Supposedly, one is able to monitor their credit rating with the three major credit bureaus to prevent/stop identity theft. However, the yearly report can only be viewed by answering questions about credit history. But how can you be expected to know your entire credit history if the very reason for the service is to monitor credit history? Hypothetically, if someone's identity is stolen and used to open several accounts, they would have to (potentially) give details of those accounts in order to discover their identity has been stolen. Is there some other way to authenticate identity to the major credit bureaus other than history?

  • 2
    I was about to scoff at this question, but then I realized that it is (weirdly) possible for children to have their identity stolen, and it wouldn't be for perhaps a decade or more before they found out, meaning the entire history would be a lie. This is a good question! My 5 year old was offered car insurance the other day, I am sure a credit card isn't unlikely.
    – MrChrister
    Jun 6, 2013 at 6:29
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    In my opinion "identity theft" is a heavily loaded term that tends to transfer some responsibility to the victim. It is like someone is trying to convince you that: (1) They stole something from you. (2) It is gone. (3) You should have been more careful with it. (4) Life will suck now. Get used to it. But 'Fraud' and 'impersonation' on the part of the criminal and 'negligence', sometimes 'gross negligence' on the part of bankers and store credit providers are much better ways to describe what happens. But hey, they want you to think it is somehow your fault and not the banks & corps.
    – Paul
    Jun 15, 2013 at 7:24

1 Answer 1


I contacted the three credit bureaus, and they directed me to idtheft.gov, which led me to the FTC. If you suspect your identity is stolen, you should follow this process to authenticate yourself to the credit bureau:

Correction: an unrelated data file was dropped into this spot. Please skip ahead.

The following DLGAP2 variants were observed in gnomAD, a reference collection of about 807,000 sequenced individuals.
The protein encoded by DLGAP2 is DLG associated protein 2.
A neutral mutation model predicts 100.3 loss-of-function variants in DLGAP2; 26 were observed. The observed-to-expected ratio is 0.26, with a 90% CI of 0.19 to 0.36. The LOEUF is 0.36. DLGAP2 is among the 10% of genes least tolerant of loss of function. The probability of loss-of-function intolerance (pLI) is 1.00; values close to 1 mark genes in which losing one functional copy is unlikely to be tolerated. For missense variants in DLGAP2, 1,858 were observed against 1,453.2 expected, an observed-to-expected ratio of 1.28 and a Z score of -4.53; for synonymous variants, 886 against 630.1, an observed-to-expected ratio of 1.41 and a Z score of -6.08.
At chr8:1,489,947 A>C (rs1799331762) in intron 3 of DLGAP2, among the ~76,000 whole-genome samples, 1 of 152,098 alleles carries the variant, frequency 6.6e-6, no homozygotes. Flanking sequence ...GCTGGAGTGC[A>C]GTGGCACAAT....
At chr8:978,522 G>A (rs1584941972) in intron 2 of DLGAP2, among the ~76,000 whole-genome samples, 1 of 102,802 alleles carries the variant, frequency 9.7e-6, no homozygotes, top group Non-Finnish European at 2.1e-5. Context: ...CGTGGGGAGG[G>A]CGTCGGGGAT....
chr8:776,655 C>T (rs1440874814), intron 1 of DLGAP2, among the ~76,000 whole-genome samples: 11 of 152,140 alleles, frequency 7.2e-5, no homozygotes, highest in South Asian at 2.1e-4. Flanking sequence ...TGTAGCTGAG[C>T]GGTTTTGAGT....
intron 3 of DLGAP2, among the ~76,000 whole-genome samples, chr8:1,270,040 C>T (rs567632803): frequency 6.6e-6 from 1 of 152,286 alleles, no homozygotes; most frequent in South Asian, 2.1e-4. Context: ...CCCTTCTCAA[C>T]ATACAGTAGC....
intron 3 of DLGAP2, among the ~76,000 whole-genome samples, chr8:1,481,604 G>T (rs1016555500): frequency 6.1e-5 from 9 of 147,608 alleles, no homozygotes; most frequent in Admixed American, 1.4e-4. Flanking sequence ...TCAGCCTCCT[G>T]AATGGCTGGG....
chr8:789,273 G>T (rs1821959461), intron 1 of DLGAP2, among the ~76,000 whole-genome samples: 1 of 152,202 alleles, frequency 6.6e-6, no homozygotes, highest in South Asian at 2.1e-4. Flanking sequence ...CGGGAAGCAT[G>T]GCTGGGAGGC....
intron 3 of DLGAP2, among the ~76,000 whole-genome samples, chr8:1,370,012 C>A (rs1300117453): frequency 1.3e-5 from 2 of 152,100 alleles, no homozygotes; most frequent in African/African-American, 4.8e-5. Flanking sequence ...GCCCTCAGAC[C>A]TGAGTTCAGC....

1. File a report with the FTC. You can do this by filling out an online form or calling them. Once you complete this, you'll receive an FTC Identity Theft Affidavit.

  2. File a police report. Bring this affidavit to your local police department, along with any other proof of the theft, a government photo ID, proof of your address, and the FTC's memo to law enforcement. To prove your address, you need at least two documents bearing your current address that are dated within the last two months. If the police department won't accept identity theft reports, either file a miscellaneous report or contact a different police department, sheriff, state police, or federal authorities.

  3. Unfortunately, the last step is somewhat vague. The FTC Identity Theft Affidavit and a copy of the completed police report form your "identity theft report". Transunion said that in the event of fraud, the identity theft report, your Social Security number, and "proof of address or identity as needed" are all that's necessary to authenticate yourself. They weren't clear on what other personal information they need and wouldn't specify unless I filed a fraud complaint; Equifax gave me a similar response. Experian didn't offer specifics unless I opened a fraud complaint.

In short, I think your best bet is to create an identity theft report through the FTC and your local police station and use that information to work with the credit agencies.

Side note: If identity theft is a concern for you (when is it not?), consider placing a credit freeze on your credit report with each of the credit bureaus. This allows you to control how these agencies sell and/or offer your data to third parties. Unless you lift the freeze, a third party (landlord, collection agency, etc.) shouldn't be able to request your credit history. You'll need to place a freeze with Equifax, Transunion, and Experian separately, however.

Remember that there is usually a fee to place, temporarily lift, or permanently remove a credit freeze, but some jurisdictions allow you to waive this fee is you're a documented victim of identity theft.

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